David Zucker, Site Administrator

Parashas Chaiyei Sarah

In this week’s parashah, the Torah states (Bereishis 24:1): “And Avraham was old, advanced in years, and Hashem blessed Avraham with everything.” The Midrash, linking this verse to Tehillim 24, expounds (Bereishis Rabbah 59:5):
Who shall ascend the mountain of Hashem? This refers to Avraham, as it is written (Bereishis 22:12): “Now I know that you are God-fearing.” And who shall stand within His holy place? This refers to Avraham, as it is written (ibid. 22:3): “And Avraham arose early in the morning … and he rose up and went to the place that God had told him.” One with clean hands. “If a string or a shoelace, or if I take anything of yours” )ibid. 14:23). And a pure heart. “Far be it from You to do such a thing” (ibid. 18:25).  Who has not taken his soul in vain. [In Tehillim 24:4 it is actually written “My soul,” but in the Midrash it is written “his soul.] This refers to the soul of Nimrod [whom Avraham killed, not in vain, but in self-defense]. And has not sworn deceitfully. “I raise up my hand to Hashem, the Supreme God” (ibid. 14:22). He will bear blessing from Hashem. “And Avraham was old, … and Hashem blessed Avraham.” Avraham would bless everyone, as it is written (ibid. 12:3): “And the all families of the earth shall be blessed through you.” And who blessed Avraham? The Holy One Blessed Be He blessed Avraham, as it is written: “And Hashem blessed Avraham with everything.”
The Maggid explains this Midrash as follows.  A craftsman typically will keep on hand only the tools he needs for his own craft. A tailor keeps needles and other sewing implements; a smith keeps sledgehammers, axes, and the like. If we would see a sledgehammer in a tailor’s shop, or sewing needles in a smith’s shop, we surely would be puzzled. But there is a class of people for whom it is perfectly natural to keep on hand the tools of a wide variety of crafts – namely storekeepers, who stock tools for craftsmen to buy. Similarly, each person is blessed with the specific abilities and resources he needs to fulfill the mission Hashem has assigned to him in this world, and Avraham was in charge of dispensing these blessings. Thus, Hashem tells Avraham, “You shall be a blessing,” and the Midrash elaborates (Bereishis Rabbah 39:11): “Until now, I had to bless My world. From now on, the blessings are given over into your hands.” Hashem entrusted Avraham with the general reservoir of blessing, from which everyone’s portion of blessing is drawn. Accordingly, He blessed Avraham with everything. Avraham served as an agent on behalf of the world at large, making the trip up to Hashem’s mountain to collect blessing, bring it down to the world, and distribute it. The background information about Avraham presented at the beginning of the Midrash indicates why Hashem chose Avraham as the one to be in charge of dispensing blessing. Avraham’s fear of God, clean hands, pure heart, upright conduct, and shunning of falsehood made him the man most qualified for this role.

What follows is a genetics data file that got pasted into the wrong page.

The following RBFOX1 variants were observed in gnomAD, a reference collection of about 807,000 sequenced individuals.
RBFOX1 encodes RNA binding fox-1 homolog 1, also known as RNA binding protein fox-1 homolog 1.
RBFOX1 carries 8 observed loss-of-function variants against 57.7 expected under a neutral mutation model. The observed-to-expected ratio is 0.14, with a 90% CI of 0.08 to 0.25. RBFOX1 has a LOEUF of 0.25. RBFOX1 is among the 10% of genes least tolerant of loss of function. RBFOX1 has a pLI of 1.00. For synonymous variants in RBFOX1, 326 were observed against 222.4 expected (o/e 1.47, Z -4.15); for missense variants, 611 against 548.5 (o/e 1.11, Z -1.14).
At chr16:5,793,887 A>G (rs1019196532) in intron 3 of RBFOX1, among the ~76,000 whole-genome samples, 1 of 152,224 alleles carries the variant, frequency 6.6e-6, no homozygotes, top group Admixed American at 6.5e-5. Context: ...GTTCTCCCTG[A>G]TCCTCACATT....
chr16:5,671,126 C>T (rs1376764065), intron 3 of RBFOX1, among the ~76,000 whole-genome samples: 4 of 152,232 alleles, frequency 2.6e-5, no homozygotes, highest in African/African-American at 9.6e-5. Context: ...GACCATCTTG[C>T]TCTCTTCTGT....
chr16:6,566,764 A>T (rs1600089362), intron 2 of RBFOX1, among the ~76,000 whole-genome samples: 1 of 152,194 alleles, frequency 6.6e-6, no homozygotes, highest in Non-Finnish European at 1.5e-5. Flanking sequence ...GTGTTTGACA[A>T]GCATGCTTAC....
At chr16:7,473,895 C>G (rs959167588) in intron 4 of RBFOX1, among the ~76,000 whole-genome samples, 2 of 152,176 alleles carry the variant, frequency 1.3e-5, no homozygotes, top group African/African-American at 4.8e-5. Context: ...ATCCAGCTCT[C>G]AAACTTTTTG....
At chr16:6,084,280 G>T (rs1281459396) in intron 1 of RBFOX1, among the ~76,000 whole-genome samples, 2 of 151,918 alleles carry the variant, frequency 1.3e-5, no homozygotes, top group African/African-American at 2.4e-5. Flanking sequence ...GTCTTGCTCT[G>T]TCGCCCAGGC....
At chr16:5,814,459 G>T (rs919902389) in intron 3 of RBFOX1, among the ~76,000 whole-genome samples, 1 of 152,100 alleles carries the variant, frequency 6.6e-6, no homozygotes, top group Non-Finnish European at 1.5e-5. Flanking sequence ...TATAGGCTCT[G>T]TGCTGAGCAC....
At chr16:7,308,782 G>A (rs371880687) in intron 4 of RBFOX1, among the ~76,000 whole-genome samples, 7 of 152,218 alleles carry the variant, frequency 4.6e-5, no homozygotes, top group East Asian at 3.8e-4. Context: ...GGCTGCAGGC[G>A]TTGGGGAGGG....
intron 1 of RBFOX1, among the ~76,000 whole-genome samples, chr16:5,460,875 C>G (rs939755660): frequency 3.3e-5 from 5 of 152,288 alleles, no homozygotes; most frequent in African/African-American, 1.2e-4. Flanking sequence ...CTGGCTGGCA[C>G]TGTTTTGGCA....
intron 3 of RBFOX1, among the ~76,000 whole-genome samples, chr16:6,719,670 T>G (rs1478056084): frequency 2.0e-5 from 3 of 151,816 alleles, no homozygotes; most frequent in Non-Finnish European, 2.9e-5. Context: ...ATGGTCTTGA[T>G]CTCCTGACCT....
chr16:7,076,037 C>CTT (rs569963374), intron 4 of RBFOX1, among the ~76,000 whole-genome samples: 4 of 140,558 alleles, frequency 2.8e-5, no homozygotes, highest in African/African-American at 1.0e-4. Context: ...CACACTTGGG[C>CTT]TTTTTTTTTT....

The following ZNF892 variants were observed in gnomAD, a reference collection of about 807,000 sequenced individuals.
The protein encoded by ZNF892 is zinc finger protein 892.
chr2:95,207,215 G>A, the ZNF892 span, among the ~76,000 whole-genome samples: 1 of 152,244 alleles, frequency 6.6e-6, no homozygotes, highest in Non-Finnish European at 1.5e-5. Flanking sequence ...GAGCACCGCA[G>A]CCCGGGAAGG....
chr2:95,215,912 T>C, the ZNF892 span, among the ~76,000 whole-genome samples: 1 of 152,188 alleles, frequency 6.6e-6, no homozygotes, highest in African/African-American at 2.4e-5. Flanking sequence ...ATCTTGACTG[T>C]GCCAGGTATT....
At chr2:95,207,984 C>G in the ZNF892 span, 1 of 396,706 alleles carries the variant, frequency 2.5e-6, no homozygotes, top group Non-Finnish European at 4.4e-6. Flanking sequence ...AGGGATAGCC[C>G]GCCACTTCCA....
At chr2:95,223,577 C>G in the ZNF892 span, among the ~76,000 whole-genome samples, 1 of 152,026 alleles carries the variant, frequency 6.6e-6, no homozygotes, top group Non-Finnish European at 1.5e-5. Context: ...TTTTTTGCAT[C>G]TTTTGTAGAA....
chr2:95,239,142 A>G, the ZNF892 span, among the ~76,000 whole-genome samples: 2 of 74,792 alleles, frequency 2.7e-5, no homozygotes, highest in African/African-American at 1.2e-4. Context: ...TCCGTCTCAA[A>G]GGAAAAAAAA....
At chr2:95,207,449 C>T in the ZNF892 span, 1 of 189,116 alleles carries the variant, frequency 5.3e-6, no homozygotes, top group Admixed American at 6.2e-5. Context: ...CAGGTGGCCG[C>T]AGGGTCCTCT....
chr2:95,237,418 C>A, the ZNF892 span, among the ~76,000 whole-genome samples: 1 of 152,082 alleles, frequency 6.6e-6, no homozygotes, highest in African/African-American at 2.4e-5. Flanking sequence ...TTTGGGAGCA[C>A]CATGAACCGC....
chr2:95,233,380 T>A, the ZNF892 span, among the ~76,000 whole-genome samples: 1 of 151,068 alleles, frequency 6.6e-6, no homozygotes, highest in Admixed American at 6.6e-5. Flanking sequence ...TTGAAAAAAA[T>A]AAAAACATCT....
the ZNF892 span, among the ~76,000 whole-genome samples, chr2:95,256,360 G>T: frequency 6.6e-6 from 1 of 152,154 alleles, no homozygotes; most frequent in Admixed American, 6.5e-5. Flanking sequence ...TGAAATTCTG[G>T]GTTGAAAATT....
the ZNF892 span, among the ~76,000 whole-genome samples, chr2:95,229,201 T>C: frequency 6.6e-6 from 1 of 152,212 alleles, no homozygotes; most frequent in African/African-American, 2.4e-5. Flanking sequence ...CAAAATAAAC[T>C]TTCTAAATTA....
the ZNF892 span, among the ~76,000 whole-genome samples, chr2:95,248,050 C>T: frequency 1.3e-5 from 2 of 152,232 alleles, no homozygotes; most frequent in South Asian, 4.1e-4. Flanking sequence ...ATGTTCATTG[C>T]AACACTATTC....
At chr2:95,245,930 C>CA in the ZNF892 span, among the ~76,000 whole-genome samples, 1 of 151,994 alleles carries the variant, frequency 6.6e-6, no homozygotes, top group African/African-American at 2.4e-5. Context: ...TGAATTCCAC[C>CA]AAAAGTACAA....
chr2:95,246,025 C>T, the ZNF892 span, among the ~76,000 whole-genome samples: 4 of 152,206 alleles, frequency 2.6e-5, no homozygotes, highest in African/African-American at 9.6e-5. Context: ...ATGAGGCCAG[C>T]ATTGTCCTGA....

David Zucker, Site Administrator

Parashas Vayeira